reading the embedded servo wedges during a data write operation to generate position error signal values with respect to a selected data track;
monitoring each position error signal value during the data write operation;
if a monitored position error signal value exceeds a write unsafe threshold, then performing the following steps:
disabling writing of data;
if the monitored position error signal value further exceeds a shock event threshold, the shock event threshold being greater than the write unsafe threshold, then waiting for a first number of consecutively generated position error signal values that are less than the write unsafe threshold;
waiting for a second number of consecutively generated position error signal values that are less than an arrival threshold, the arrival threshold being less than the write unsafe threshold; and
enabling writing of data.
22. A method for improving data reliability as defined in claim 21, wherein, the first number is based on the magnitude of a position error signal value that exceeds the shock detection threshold.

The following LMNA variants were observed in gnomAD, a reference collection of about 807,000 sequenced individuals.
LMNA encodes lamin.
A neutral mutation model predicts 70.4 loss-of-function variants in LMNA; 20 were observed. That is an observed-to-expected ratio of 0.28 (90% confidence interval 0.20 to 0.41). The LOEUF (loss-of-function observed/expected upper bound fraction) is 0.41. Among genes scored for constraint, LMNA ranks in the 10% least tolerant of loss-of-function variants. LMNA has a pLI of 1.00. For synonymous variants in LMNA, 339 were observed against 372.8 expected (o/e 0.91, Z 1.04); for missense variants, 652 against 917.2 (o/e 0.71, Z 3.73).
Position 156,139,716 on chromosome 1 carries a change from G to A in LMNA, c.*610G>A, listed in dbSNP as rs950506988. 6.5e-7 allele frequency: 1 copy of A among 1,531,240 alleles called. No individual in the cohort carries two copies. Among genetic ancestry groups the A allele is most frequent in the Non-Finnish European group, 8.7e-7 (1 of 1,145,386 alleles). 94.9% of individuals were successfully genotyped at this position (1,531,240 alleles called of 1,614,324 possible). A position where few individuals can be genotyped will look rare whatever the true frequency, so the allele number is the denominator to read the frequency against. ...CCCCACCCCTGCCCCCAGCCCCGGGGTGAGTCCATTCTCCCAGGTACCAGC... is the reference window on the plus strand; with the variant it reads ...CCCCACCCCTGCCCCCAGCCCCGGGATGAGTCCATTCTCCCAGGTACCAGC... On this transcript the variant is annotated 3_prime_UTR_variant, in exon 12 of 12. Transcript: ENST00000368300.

Description
BACKGROUND OF THE INVENTION

1. Field of the Invention

The present invention relates to digital data storage, and more particularly, to techniques for recovering from shock events occurring to a disk drive during data write operations to improve data reliability.

2. Description of the Prior Art

Market demand for increased storage capacity has pushed disk drive designers to increase the drive's track density, often expressed as tracks per inch or TPI. Due to the increased track density, an external shock event may undesirably force the disk drive's read/write head from the desired track during track following and cause the head to vibrate about the track's centerline. The head vibrations may be sufficient large to impact the reliability of stored data.

Accordingly, there exists a need for a technique that enables a disk drive to recover from a shock event in a manner that improves the reliability of the stored data.

SUMMARY OF THE INVENTION